Wine consumption in Eastern Europe fell to 7.7 liters in the 2010s from 14.1 liters in the 1970s. It's tempting to say that the reduced consumption means with the collapse of the Soviet Union, residents of Eastern Europe didn't have to turn to wine so often to, as the saying goes, "drown their sorrows."
But that would be plainly wrong, as we're reminded by the first state of the wine business report from Sonoma State University.
Declining consumption is a worldwide phenomenon that's been going on since the 1920s, when world per capita wine consumption peaked at 119.9 liters. Between 2010 and 2016, per capita wine consumption reached 33.2 liters.
Turning to the broad economy, Rob Eyler, an SSU professor, suggests the economy may continue slowing . "Sloweer growth economies tend to see restaurant demand fall first, then retail." Thus far, that does not seem to be happening. Eyler also said he expects inflation will continue to fall, allowing interest rates o fall slightly by the end of 2024.
Specific economic forecasts:
- Wine drinkers in general are likely to move down in price point and stay there through 2024, perhaps 2025, as an adjustment to income risks and perhaps to wealth risks.
- The pandemic buying hangover likely still remains in ultra-premium and luxury categories as buyers filled libraries, thus prices have come down.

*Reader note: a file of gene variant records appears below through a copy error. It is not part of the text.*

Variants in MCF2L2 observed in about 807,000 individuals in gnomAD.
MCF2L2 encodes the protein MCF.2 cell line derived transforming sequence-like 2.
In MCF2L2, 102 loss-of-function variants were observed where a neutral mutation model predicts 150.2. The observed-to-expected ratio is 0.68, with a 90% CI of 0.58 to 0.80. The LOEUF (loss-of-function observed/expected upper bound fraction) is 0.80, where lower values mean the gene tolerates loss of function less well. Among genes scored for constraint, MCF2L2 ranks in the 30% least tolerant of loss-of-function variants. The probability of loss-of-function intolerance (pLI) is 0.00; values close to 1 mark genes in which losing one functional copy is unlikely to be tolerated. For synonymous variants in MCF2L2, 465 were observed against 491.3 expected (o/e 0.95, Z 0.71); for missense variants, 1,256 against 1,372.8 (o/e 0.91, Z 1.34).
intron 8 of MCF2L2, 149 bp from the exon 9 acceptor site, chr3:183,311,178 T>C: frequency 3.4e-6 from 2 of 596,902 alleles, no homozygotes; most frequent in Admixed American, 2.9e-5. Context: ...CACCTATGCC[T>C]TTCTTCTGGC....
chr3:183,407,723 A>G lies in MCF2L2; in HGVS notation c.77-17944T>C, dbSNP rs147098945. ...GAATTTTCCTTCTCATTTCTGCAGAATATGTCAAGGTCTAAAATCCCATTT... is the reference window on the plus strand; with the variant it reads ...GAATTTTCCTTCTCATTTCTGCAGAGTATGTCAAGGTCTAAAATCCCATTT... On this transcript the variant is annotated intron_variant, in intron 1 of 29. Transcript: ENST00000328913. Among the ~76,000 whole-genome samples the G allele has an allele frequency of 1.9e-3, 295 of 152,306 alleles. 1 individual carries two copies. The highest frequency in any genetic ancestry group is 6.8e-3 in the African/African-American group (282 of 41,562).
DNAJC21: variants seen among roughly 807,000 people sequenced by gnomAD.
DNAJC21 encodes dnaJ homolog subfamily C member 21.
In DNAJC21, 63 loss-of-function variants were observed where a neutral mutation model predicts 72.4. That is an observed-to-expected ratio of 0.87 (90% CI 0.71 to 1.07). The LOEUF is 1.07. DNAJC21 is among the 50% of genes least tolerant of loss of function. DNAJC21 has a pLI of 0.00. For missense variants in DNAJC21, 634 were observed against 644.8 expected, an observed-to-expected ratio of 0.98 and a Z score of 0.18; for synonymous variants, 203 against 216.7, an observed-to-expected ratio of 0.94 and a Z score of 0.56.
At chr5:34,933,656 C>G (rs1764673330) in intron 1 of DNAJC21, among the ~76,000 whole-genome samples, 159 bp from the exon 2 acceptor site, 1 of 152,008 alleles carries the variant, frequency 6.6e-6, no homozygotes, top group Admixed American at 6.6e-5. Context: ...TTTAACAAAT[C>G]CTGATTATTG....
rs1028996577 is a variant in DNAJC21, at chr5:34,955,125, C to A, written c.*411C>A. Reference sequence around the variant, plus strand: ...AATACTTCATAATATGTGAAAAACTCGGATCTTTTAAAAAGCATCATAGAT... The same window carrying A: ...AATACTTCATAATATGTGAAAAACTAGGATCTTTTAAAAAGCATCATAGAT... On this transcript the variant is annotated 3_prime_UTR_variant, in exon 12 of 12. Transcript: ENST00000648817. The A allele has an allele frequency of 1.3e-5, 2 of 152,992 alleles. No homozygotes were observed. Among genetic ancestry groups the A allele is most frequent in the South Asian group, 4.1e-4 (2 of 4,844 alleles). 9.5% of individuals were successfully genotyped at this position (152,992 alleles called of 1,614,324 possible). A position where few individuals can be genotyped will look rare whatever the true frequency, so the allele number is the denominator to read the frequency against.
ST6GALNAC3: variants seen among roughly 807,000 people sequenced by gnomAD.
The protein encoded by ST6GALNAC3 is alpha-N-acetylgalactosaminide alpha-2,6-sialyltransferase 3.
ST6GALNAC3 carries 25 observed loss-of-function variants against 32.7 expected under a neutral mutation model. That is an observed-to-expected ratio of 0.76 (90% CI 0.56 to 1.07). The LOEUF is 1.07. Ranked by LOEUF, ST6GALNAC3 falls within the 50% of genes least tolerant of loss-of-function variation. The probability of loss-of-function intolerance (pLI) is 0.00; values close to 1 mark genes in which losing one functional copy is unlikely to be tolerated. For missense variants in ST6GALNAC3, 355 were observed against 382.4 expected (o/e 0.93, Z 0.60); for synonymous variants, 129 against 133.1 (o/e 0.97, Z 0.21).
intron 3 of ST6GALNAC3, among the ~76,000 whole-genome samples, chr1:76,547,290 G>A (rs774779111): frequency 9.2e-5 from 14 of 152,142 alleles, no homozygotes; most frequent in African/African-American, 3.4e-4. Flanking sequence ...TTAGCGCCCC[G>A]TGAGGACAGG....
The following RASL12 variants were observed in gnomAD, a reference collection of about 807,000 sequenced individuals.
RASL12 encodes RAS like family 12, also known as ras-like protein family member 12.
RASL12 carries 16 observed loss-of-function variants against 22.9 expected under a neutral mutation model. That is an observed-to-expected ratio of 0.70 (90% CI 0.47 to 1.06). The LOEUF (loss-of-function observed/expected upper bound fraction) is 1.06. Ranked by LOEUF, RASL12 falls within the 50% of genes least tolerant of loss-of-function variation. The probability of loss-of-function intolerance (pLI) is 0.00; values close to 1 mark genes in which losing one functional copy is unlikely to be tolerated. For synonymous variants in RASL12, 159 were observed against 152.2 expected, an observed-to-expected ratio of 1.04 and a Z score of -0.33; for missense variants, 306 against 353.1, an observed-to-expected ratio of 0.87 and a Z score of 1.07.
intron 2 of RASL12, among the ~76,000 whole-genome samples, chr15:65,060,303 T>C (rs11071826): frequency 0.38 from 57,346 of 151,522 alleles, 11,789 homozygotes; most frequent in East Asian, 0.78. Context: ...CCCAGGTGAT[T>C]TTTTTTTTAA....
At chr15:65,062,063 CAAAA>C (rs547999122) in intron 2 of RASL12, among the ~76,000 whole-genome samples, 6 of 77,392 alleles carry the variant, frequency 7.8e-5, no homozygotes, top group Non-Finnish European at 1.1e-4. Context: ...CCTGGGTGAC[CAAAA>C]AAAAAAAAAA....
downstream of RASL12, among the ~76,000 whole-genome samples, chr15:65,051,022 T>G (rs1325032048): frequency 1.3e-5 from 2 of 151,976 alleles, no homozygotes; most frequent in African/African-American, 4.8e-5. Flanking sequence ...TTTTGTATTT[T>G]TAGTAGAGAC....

Investments in new winery spaces or vineyards are likely to be slow to 2025. Higher interest rates are likely to linger until that time, which means financing such expansions or upgrades is more expensive.
Wineries that have cash as a war chest may be earning more than they have in a decade and want to wait and see while cash is paying relatively high rates of return.
Vineyard worker supply has also faced immigration constraints. Wages have increased, making wineries think about the use of technology in lieu of labor.
- Search costs for workers have increased, reducing the number of job openings industry wide.
- Smaller restaurants and retailers are likely to be driven closer to the edge of failure toward
2025, as a long period of higher inflation and interest rates act as regressive taxes.
Such changes can reduce demand for wines sold in those retail outlets where three-tier systems exist versus state-controlled retail, the report says. Restaurant demand has suffered since the pandemic; even with inflation slowing down, pressures remain on costs